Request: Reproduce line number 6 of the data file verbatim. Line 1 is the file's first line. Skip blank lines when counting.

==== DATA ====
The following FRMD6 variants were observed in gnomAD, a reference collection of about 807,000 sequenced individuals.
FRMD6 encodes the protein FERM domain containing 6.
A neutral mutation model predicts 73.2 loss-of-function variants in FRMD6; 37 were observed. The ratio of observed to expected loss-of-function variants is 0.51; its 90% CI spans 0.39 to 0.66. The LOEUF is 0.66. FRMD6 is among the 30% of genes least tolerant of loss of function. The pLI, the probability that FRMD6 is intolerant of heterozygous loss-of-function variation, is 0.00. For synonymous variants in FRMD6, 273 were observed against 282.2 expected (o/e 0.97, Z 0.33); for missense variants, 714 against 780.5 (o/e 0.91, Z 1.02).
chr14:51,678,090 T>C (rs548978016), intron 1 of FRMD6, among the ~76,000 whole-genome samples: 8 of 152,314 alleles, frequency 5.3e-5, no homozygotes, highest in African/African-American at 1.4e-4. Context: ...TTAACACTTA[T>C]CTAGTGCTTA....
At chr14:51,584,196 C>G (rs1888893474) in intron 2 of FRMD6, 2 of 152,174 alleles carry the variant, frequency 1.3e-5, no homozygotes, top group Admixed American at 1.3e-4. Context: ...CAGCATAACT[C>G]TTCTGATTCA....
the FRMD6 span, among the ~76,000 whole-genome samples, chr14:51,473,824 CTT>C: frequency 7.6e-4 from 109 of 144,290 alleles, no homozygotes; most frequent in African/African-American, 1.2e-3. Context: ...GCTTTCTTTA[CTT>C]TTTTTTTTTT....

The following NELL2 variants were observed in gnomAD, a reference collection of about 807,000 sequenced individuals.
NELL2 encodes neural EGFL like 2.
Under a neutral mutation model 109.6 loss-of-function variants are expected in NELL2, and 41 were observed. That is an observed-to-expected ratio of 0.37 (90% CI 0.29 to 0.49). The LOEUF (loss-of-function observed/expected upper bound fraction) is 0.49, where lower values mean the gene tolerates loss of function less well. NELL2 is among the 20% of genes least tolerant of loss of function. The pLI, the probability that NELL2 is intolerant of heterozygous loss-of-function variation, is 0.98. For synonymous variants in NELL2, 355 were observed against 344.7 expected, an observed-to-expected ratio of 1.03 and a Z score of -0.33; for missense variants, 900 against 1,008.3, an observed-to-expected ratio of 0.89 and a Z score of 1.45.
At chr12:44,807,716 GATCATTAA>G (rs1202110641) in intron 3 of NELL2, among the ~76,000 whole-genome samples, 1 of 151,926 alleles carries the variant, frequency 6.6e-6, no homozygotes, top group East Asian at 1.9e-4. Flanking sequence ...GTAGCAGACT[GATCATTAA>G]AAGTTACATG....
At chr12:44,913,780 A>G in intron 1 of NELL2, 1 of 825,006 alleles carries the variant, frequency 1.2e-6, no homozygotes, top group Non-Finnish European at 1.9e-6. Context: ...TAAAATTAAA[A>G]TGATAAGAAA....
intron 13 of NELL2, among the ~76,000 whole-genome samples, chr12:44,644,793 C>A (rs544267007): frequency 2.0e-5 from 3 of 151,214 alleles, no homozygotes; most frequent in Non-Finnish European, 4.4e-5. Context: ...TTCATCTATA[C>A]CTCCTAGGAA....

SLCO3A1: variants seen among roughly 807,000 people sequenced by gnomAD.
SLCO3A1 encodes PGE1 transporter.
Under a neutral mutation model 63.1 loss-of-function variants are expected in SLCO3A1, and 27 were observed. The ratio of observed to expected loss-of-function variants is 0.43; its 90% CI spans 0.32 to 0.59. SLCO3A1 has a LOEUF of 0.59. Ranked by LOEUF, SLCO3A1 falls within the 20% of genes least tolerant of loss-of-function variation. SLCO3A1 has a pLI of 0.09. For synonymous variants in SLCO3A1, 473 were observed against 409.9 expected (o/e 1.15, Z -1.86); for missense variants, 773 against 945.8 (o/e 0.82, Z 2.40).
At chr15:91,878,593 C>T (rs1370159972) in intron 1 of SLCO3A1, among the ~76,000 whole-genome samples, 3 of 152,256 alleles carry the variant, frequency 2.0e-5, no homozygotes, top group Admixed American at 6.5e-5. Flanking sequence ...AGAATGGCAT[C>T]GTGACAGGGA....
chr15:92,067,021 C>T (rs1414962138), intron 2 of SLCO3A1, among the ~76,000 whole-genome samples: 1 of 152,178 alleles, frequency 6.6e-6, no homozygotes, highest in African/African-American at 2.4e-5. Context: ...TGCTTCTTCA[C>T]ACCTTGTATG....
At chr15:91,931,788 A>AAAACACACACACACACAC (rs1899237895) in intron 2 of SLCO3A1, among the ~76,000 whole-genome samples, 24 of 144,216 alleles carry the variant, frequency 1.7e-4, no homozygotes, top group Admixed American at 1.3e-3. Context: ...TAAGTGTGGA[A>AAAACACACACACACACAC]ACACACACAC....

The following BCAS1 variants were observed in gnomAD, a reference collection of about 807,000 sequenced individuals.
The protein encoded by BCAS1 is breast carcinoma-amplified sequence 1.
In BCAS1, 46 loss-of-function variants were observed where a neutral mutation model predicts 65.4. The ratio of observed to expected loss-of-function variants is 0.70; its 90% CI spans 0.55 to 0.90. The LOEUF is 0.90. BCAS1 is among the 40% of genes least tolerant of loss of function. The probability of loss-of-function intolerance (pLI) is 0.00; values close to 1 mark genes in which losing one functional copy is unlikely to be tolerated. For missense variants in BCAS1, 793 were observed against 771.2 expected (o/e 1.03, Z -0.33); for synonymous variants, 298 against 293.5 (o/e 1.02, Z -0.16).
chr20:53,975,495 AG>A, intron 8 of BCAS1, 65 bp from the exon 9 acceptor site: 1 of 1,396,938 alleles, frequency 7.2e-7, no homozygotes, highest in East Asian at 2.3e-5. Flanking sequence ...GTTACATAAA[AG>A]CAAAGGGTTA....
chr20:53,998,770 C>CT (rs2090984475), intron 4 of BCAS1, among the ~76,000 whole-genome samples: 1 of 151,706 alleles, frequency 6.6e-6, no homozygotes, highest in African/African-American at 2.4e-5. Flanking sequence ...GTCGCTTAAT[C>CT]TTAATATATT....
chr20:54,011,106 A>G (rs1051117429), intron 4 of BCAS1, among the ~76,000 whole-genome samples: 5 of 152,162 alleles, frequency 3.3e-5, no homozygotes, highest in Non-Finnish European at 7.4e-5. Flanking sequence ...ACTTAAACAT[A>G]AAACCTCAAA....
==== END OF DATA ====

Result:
the FRMD6 span, among the ~76,000 whole-genome samples, chr14:51,473,824 CTT>C: frequency 7.6e-4 from 109 of 144,290 alleles, no homozygotes; most frequent in African/African-American, 1.2e-3. Context: ...GCTTTCTTTA[CTT>C]TTTTTTTTTT....